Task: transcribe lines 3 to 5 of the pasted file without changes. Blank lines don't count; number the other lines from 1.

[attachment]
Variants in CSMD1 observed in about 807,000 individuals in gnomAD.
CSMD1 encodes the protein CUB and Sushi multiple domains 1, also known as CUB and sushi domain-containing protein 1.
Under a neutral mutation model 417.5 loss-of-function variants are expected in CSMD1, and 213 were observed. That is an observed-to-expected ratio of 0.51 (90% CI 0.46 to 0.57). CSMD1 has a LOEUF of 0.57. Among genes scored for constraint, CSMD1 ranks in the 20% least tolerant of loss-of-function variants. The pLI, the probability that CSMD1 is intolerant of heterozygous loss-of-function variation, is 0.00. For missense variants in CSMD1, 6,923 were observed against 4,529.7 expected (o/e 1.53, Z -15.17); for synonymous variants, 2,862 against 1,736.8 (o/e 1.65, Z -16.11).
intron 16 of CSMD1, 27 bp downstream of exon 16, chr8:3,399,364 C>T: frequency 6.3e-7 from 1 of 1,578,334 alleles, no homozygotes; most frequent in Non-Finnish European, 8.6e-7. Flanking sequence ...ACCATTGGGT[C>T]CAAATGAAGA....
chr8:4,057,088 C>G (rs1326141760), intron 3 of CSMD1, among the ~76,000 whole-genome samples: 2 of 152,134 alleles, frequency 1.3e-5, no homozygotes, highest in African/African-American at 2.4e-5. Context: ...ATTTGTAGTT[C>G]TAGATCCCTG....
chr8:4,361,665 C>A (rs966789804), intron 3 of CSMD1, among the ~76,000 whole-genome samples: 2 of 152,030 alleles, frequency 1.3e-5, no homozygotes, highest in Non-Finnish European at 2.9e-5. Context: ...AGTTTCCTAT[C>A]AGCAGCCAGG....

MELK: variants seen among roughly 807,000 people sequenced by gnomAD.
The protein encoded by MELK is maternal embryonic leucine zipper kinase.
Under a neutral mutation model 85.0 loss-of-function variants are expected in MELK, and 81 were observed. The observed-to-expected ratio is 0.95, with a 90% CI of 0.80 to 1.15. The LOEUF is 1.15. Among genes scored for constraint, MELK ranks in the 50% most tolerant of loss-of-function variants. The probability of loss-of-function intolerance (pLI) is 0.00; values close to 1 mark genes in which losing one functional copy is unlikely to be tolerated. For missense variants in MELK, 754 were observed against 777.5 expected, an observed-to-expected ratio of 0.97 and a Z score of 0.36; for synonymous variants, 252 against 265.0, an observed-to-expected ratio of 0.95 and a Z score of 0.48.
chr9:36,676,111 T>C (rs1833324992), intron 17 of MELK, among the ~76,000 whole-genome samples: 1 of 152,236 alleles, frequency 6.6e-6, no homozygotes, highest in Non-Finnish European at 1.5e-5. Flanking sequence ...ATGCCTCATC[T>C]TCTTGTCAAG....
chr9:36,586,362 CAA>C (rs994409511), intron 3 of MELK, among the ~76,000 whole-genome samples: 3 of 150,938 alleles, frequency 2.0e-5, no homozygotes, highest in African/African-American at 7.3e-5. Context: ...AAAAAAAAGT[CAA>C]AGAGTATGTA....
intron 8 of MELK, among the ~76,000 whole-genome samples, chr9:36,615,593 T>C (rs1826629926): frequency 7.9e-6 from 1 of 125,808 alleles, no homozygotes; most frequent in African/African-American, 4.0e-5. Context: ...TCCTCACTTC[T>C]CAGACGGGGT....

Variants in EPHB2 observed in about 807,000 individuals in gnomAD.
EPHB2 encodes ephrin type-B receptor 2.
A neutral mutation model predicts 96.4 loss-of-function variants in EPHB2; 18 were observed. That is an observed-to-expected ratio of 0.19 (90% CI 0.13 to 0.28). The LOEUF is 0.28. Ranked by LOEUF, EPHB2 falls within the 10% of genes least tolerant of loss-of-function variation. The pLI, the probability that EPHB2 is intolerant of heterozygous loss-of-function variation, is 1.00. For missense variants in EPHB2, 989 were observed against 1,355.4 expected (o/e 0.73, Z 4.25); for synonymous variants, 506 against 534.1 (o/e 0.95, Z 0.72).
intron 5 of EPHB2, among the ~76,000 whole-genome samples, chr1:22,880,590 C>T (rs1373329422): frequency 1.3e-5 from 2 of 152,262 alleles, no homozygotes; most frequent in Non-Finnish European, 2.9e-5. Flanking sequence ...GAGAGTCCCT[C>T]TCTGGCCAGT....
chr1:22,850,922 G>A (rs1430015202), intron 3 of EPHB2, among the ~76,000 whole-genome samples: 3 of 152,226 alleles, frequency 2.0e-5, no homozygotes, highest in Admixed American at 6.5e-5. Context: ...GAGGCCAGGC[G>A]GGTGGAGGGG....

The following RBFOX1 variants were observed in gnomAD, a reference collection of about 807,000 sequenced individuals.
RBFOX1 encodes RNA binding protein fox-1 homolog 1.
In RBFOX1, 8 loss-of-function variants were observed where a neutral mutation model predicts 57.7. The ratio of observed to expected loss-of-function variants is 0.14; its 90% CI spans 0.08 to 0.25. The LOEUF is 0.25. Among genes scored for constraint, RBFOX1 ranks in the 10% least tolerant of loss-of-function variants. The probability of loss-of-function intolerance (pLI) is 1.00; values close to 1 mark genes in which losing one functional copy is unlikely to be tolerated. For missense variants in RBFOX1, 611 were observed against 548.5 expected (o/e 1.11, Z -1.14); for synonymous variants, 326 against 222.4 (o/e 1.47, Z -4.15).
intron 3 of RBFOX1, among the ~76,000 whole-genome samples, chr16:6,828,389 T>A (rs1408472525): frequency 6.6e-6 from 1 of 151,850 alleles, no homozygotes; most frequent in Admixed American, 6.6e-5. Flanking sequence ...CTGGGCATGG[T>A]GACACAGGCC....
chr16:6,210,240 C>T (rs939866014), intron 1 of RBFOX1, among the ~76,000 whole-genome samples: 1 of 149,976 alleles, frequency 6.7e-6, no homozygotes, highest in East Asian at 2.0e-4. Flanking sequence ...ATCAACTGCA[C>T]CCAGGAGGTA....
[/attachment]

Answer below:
Under a neutral mutation model 417.5 loss-of-function variants are expected in CSMD1, and 213 were observed. That is an observed-to-expected ratio of 0.51 (90% CI 0.46 to 0.57). CSMD1 has a LOEUF of 0.57. Among genes scored for constraint, CSMD1 ranks in the 20% least tolerant of loss-of-function variants. The pLI, the probability that CSMD1 is intolerant of heterozygous loss-of-function variation, is 0.00. For missense variants in CSMD1, 6,923 were observed against 4,529.7 expected (o/e 1.53, Z -15.17); for synonymous variants, 2,862 against 1,736.8 (o/e 1.65, Z -16.11).
intron 16 of CSMD1, 27 bp downstream of exon 16, chr8:3,399,364 C>T: frequency 6.3e-7 from 1 of 1,578,334 alleles, no homozygotes; most frequent in Non-Finnish European, 8.6e-7. Flanking sequence ...ACCATTGGGT[C>T]CAAATGAAGA....
chr8:4,057,088 C>G (rs1326141760), intron 3 of CSMD1, among the ~76,000 whole-genome samples: 2 of 152,134 alleles, frequency 1.3e-5, no homozygotes, highest in African/African-American at 2.4e-5. Context: ...ATTTGTAGTT[C>G]TAGATCCCTG....